Culinary traditions in Peru run as deep as anywhere else you might imagine, but it wasn’t until recently that the rest of the world began paying attention to what was happening food-wise in this South American republic. We’d hazard a guess that one reason for its growing popularity is Virgilio Martinez, chef and owner of Lima’s Central restaurant and a champion of Peruvian produce.
At Central – which debuted on The World’s 50 Best Restaurants list in 2013 and currently sits sixth in the 2018 edition – Martinez and his wife Pia have built a gastronomic temple in honour of their local cuisine, drawing inspiration from the ecosystems and immensely diverse habitats of the country to create menus that amaze diners who flock to grab a seat at the restaurant’s tables. The couple have opened a handful of other more casual spots globally and, now, they’ve made their way to Hong Kong.
Ichu Peru is the latest restaurant to arrive at the arts-focused H Queen’s and will have Martinez’s long-time kitchen collaborator Chef Sang Jeong at the helm.
“Seven months ago, we sent three chefs from Lima [to] Hong Kong, and they will be cooking there. Chef Sang used to be one of my right hands, and he’ll be the one who is leading the restaurant,” Martinez tells me. “I have to trust my people, I trust my team.”
“I’ve been working at Central with Virgilio for the last three years and I’m very excited to lead the team for Ichu,” Sang says. As for what he wants to bring to the already saturated Hong Kong dining scene, the chef explains that he’s on the hunt for ways “to express the tradition and melting pot of influences that shape Peruvian gastronomy, to create authentic flavours and comforting dishes that showcase the country’s diverse geography from the land to the sea.”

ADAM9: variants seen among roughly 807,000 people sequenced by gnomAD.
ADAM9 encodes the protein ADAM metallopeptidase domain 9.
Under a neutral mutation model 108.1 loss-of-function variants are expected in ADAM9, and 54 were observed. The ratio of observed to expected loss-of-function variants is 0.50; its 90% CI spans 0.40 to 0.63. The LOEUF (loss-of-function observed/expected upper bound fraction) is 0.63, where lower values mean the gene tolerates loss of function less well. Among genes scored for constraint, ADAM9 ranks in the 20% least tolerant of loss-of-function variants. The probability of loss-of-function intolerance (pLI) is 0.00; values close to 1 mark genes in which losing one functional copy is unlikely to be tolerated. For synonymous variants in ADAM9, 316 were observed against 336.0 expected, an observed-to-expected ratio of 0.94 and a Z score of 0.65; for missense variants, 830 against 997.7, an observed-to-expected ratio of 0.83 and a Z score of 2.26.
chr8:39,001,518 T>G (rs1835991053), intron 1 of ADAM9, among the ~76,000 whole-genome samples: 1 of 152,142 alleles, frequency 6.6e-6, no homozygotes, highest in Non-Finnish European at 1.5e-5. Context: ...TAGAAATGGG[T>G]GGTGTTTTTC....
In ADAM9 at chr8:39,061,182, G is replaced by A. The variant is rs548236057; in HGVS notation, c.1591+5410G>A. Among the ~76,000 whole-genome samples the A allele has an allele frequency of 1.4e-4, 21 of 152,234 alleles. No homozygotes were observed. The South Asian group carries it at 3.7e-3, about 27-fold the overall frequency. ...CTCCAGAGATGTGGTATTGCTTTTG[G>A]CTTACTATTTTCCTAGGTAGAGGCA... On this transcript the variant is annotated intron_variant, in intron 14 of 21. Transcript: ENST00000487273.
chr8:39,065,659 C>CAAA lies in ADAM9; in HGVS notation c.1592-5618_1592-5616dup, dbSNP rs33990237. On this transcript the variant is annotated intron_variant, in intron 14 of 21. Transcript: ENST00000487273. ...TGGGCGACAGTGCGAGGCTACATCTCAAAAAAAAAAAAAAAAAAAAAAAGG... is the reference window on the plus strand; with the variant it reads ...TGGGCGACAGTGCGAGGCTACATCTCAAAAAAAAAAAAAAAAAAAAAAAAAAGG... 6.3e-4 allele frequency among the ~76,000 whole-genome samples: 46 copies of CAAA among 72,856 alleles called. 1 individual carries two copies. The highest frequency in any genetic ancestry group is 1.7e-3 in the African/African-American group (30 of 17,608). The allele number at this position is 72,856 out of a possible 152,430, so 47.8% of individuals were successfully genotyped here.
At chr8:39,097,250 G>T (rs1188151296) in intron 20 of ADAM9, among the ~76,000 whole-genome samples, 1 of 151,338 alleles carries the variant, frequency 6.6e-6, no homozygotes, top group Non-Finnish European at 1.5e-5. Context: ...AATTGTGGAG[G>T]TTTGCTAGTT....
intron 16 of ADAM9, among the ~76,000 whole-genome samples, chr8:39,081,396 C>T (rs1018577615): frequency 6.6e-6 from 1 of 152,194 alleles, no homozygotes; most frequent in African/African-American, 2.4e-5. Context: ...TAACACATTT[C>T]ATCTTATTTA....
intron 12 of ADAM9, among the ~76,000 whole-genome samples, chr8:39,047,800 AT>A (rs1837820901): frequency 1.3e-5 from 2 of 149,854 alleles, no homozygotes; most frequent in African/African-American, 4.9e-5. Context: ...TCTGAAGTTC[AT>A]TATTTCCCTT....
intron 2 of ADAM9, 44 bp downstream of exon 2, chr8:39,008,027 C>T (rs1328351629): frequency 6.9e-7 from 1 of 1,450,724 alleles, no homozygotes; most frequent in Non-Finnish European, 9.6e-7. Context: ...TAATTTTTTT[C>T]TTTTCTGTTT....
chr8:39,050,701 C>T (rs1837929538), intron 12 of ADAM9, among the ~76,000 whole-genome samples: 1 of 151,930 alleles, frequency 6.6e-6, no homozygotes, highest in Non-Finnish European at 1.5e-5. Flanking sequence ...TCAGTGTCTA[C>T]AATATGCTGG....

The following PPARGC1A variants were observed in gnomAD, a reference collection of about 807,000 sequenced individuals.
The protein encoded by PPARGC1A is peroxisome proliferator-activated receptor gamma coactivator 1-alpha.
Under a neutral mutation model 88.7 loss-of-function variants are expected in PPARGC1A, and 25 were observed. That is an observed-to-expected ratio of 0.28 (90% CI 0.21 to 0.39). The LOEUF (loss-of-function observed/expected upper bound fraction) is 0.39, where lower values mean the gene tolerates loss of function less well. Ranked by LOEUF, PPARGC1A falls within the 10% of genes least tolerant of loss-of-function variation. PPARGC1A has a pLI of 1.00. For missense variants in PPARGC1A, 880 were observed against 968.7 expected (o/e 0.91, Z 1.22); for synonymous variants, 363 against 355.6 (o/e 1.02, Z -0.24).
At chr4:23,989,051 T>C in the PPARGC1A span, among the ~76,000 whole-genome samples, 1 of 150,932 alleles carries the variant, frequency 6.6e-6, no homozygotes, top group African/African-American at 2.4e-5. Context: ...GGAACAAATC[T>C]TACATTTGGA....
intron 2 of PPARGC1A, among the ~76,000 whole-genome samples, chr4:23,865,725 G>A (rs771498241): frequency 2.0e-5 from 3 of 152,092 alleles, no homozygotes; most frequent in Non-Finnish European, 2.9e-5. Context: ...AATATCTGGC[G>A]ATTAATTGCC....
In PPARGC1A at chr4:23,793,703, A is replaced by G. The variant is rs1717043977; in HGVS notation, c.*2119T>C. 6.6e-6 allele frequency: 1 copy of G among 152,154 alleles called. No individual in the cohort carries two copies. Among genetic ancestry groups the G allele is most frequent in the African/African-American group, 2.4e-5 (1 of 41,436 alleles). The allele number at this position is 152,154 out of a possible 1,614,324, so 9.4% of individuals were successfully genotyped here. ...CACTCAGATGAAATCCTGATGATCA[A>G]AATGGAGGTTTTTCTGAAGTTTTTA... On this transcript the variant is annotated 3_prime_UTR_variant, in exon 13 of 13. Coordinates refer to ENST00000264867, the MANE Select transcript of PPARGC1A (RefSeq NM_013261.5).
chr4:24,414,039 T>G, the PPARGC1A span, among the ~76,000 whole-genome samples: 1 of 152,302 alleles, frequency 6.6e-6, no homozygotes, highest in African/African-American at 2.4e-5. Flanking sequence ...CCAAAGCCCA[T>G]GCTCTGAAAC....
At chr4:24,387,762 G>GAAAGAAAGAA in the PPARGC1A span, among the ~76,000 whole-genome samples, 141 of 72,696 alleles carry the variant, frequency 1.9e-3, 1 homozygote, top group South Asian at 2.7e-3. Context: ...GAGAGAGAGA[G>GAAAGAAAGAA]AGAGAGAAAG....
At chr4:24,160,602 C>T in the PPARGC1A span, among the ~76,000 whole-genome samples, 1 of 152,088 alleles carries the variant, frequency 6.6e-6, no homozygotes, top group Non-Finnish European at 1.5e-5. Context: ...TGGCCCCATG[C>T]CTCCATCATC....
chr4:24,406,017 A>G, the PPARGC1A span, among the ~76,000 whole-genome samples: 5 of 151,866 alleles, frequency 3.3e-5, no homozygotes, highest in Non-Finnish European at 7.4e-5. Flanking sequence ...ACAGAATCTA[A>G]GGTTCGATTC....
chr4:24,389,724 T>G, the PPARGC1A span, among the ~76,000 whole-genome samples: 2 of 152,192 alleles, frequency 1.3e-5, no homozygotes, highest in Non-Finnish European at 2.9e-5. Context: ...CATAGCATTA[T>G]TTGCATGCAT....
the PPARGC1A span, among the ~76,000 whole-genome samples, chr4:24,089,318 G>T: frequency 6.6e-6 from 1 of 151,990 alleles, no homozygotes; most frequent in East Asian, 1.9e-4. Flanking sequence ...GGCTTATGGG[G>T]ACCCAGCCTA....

While Central’s mission sounds somewhat similar to Sang’s hopes for Ichu, Martinez is adamant that the new Hong Kong eatery (which is set to open mid-August) is not simply a transplant of its Peruvian sibling. “Central is on the fine-dining side of things,” Martinez explains. “When we decided to open in Hong Kong, it was important to us that it was something casual, that it was traditional and modern at the same time. The Ichu concept is all about being very comfortable, in a family-style setting.”
Yes, the dining experience may be altogether more casual at Ichu, but the focus on premium ingredients that showcase the country’s impressively varied altitudes and terrains remains unchanged.
So, what ingredients and dishes can you expect to see when you visit the new space in H Queen’s? “Peruvian ingredients are quite global,” says Martinez. “We produce a huge selection of root vegetables, and a lot of corn and potato and tomatoes. You also need excellent seafood and fish, and in Hong Kong, it’s amazing.”
“We only need a few Peruvian ingredients which are key, like the hot chilli peppers, but of course in China there’s a huge amount of peppers,” he adds, laughing.
What happens, I ask, when you can’t find the appropriate ingredients on this side of the world? “Peruvian food is also based on adaptation and influences and diversity – diversity of ingredients and creativity. This is the DNA of what we do,” Martinez contends. “Actually, we’ve had a strong influence of Chinese cuisine in Peru too. It’s another way to connect to influences we’ve had before. It’s very common to see Chinese produce – for us, it’s quite normal to see ginger, coriander, pepper and things like that.”
I ask which of Ichu’s dishes Sang would recommend to someone new to the flavours of the country, who might benefit from a softer introduction to the cuisine rather than a full leap into the unknown. “One of the things Ichu’s menu will include is several varieties of ceviche; this dish showcases the freshest local produce and represents the simplicity that is central to Peruvian cuisine.”
Martinez immediately concurs: “You must take the ceviche, the raw seafood. Ceviche is the soul of Lima.” There you have it.
Read the full story in Prestige Hong Kong August 2018 issue